In terms of potential markets for AFC Energy's fuel cells, Korea is seen as particularly promising, in fact is regarded by AFC as the "most attractive market for fuel cell power in the world today." There is plenty of hydrogen, fuel cells are classified as renewable, and there are significant government incentives to encourage their deployment.

Re-engineering the alkali fuel cell

Alkaline technology can be regarded as the longest established fuel concept, invented in 1839, somewhat ahead of its time, says AFC Energy.

"Considerable development effort went into alkaline fuel cells in the 1950s to early 1970s...but, they failed to find commercial terrestrial applications"

Considerable development effort went into alkaline fuel cells in the 1950s to early 1970s, and they provided proven systems for the supply of electricity and drinking water on US and Russian manned space missions. However, they failed to find commercial terrestrial applications due to the high costs associated with the catalysts and materials prevalent in the 1950s and 60s. In the 1970s to early 2000s, the technology entered, what Gene Lewis of AFC Energy calls "the wilderness years", with fuel cell development in recent times focused predominantly on PEMFC, SOFC and MCFC, and alkali fuel cell technology pretty much ignored, leaving the alkali sector rich in IP potential, says AFC Energy.

Founded in 2006, the mission of AFC Energy has been to revisit and re-engineer alkaline fuel cell technology, free of the size and weight restrictions posed by space programme requirements, with a focus on large-scale stationary power generation applications, with the aim of building on some of the inherently low cost characteristics of alkaline fuel cells, but making use of platinum free catalysts, advanced design processes and, in the not too distant future, automated processes for mass production.

AFC has focused on low cost components, minimal part count and simplified manufacturing processes.
Compared with space applications, the current density is a factor of 15-25 lower, enabling cheaper catalysts and lower temperatures to be used. "We operate in the realm of plastics and polymers," says Gene Lewis.

Features of alkaline fuel cells include: high electrical efficiency (up to about 60%); low operating temperature (70-100°C); low energy density and relatively big bulk; liquid electrolyte (KOH in the case of AFC Energy), which is pumpable, facilitating thermal management and making it easier to achieve uniform temperatures; and, above all, simplicity.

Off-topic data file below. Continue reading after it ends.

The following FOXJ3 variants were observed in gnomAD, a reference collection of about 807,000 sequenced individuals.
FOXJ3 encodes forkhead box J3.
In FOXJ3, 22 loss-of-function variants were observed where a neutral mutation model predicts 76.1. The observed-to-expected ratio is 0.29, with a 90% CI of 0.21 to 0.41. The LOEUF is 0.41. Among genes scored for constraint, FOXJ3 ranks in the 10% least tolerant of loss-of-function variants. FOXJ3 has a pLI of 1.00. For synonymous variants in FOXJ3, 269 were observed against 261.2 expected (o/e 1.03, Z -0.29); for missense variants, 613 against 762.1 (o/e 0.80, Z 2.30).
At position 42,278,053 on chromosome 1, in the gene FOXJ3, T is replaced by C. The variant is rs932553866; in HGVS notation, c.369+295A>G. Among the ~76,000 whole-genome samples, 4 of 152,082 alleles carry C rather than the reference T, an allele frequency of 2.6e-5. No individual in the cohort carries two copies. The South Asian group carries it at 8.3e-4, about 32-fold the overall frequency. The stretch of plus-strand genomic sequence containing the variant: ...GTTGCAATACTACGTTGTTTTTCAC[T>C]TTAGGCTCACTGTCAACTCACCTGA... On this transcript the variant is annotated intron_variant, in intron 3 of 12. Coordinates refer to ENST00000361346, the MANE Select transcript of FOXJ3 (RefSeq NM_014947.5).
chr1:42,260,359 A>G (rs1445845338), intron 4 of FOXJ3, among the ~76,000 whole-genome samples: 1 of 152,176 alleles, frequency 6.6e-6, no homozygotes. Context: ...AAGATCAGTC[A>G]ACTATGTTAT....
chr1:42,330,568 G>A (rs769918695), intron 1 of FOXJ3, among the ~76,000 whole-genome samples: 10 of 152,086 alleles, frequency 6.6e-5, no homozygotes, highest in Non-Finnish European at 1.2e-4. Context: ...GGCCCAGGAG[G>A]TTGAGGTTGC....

The relatively big bulk is offset against the potential cheapness of the materials used.

The AFC Energy technology is potentially applicable where hydrogen is readily available, and its initial target market is the chlor-alkali industry, followed by waste-to-energy and perhaps clean coal in the longer term. Remarkably, AFC believes that its fuel cells could eventually compete with, and even outperform, conventional technologies such as turbines for electrical power generation.

The AFC focus is fully on fuels cells for stationary power generation, which it considers are inherently easier and less costly to develop than vehicle fuel cells.

But CEO, Ian Williamson, who joined AFC in November 2011 after 26 years at Air Products, with extensive experience in hydrogen and waste-to-energy, says "I don't want to sell you a fuel cell". He sees the company as an energy company not a fuel cell company, with a business plan that envisages initially "taking the fuel cell to the hydrogen", selling power rather than systems and partnering with manufacturing and engineering companies.

Ammonia as fuel

"AFC Energy fuel cell technology is also considered to have potential applications in the distributed/back-up/off-grid power sector"

As well as industrial power generation, AFC Energy fuel cell technology is also considered to have potential applications in the distributed/back-up/off-grid power sector, eg telecom towers in Africa and India, where the grid is unreliable.
Fuel supply is a key consideration in this sector and one possibility currently being explored is the use of ammonia as fuel. With EU funding, in a project called Alkammonia, AFC Energy is investigating the feasibility of an ammonia fuelled 5 kW fuel cell system for possible telecom tower applications.

Ammonia has ten times the energy content of hydrogen and about half that of diesel. Hydrogen for the fuel cell is produced in an ammonia cracker. AFC Energy has acquired expertise in the ammonia cracking area through the purchase of a company called Diverse Energy, which was focused on the mobile phone mast power market.

A particular benefit that AFC Energy can bring to this potential market is that alkali fuel cells are more tolerant of traces of ammonia than other fuel cell types.

Evolution of AFC Energy systems Evolution of AFC Energy systems
Alkali fuel cell, the basic principle Alkali fuel cell, the basic principle
Fuel cell stack (showing electrodes) and cartridge. There are 24 cartridges in the KORE module Fuel cell stack (showing electrodes) and cartridge. There are 24 cartridges in the KORE module